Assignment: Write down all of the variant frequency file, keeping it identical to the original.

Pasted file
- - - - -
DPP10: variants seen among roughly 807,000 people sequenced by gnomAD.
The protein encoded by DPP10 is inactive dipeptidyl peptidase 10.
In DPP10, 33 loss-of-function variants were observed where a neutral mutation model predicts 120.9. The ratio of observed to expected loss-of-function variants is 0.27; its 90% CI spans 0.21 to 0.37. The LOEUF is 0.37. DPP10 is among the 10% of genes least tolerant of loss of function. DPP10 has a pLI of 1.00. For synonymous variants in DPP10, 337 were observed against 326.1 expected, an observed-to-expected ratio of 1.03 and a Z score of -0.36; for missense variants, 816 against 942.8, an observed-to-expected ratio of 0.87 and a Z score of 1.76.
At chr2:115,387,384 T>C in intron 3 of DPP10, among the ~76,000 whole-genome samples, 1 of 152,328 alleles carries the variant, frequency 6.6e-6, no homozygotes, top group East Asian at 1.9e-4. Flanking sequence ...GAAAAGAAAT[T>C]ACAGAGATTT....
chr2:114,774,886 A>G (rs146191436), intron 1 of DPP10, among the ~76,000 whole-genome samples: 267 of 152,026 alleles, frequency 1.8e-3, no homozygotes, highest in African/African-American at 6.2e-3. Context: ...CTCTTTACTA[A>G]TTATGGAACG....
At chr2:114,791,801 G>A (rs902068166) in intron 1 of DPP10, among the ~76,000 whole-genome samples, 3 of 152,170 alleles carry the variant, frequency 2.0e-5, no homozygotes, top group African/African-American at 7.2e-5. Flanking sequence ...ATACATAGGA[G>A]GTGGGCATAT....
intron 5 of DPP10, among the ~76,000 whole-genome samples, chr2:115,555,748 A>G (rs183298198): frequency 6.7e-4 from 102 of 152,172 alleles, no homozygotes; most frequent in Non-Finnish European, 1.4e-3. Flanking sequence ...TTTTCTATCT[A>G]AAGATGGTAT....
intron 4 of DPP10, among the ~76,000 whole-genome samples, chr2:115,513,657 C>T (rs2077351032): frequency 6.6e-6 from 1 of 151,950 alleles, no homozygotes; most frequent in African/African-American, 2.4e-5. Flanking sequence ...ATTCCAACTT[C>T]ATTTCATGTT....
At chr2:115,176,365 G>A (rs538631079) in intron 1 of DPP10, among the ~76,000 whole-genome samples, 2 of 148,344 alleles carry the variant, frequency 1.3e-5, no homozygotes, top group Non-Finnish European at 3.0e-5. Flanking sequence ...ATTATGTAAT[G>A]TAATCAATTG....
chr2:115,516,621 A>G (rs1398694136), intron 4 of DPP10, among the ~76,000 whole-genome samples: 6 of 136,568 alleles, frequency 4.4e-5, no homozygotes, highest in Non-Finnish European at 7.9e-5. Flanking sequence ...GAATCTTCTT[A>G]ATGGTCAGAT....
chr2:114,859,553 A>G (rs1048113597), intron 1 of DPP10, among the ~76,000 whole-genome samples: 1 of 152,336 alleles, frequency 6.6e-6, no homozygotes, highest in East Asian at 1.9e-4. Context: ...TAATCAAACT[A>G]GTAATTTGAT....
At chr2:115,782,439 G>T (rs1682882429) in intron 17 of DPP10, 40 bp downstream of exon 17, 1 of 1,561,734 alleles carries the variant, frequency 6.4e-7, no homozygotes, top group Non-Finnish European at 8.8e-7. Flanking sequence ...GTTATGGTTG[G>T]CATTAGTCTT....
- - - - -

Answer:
DPP10: variants seen among roughly 807,000 people sequenced by gnomAD.
The protein encoded by DPP10 is inactive dipeptidyl peptidase 10.
In DPP10, 33 loss-of-function variants were observed where a neutral mutation model predicts 120.9. The ratio of observed to expected loss-of-function variants is 0.27; its 90% CI spans 0.21 to 0.37. The LOEUF is 0.37. DPP10 is among the 10% of genes least tolerant of loss of function. DPP10 has a pLI of 1.00. For synonymous variants in DPP10, 337 were observed against 326.1 expected, an observed-to-expected ratio of 1.03 and a Z score of -0.36; for missense variants, 816 against 942.8, an observed-to-expected ratio of 0.87 and a Z score of 1.76.
At chr2:115,387,384 T>C in intron 3 of DPP10, among the ~76,000 whole-genome samples, 1 of 152,328 alleles carries the variant, frequency 6.6e-6, no homozygotes, top group East Asian at 1.9e-4. Flanking sequence ...GAAAAGAAAT[T>C]ACAGAGATTT....
chr2:114,774,886 A>G (rs146191436), intron 1 of DPP10, among the ~76,000 whole-genome samples: 267 of 152,026 alleles, frequency 1.8e-3, no homozygotes, highest in African/African-American at 6.2e-3. Context: ...CTCTTTACTA[A>G]TTATGGAACG....
At chr2:114,791,801 G>A (rs902068166) in intron 1 of DPP10, among the ~76,000 whole-genome samples, 3 of 152,170 alleles carry the variant, frequency 2.0e-5, no homozygotes, top group African/African-American at 7.2e-5. Flanking sequence ...ATACATAGGA[G>A]GTGGGCATAT....
intron 5 of DPP10, among the ~76,000 whole-genome samples, chr2:115,555,748 A>G (rs183298198): frequency 6.7e-4 from 102 of 152,172 alleles, no homozygotes; most frequent in Non-Finnish European, 1.4e-3. Flanking sequence ...TTTTCTATCT[A>G]AAGATGGTAT....
intron 4 of DPP10, among the ~76,000 whole-genome samples, chr2:115,513,657 C>T (rs2077351032): frequency 6.6e-6 from 1 of 151,950 alleles, no homozygotes; most frequent in African/African-American, 2.4e-5. Flanking sequence ...ATTCCAACTT[C>T]ATTTCATGTT....
At chr2:115,176,365 G>A (rs538631079) in intron 1 of DPP10, among the ~76,000 whole-genome samples, 2 of 148,344 alleles carry the variant, frequency 1.3e-5, no homozygotes, top group Non-Finnish European at 3.0e-5. Flanking sequence ...ATTATGTAAT[G>A]TAATCAATTG....
chr2:115,516,621 A>G (rs1398694136), intron 4 of DPP10, among the ~76,000 whole-genome samples: 6 of 136,568 alleles, frequency 4.4e-5, no homozygotes, highest in Non-Finnish European at 7.9e-5. Flanking sequence ...GAATCTTCTT[A>G]ATGGTCAGAT....
chr2:114,859,553 A>G (rs1048113597), intron 1 of DPP10, among the ~76,000 whole-genome samples: 1 of 152,336 alleles, frequency 6.6e-6, no homozygotes, highest in East Asian at 1.9e-4. Context: ...TAATCAAACT[A>G]GTAATTTGAT....
At chr2:115,782,439 G>T (rs1682882429) in intron 17 of DPP10, 40 bp downstream of exon 17, 1 of 1,561,734 alleles carries the variant, frequency 6.4e-7, no homozygotes, top group Non-Finnish European at 8.8e-7. Flanking sequence ...GTTATGGTTG[G>T]CATTAGTCTT....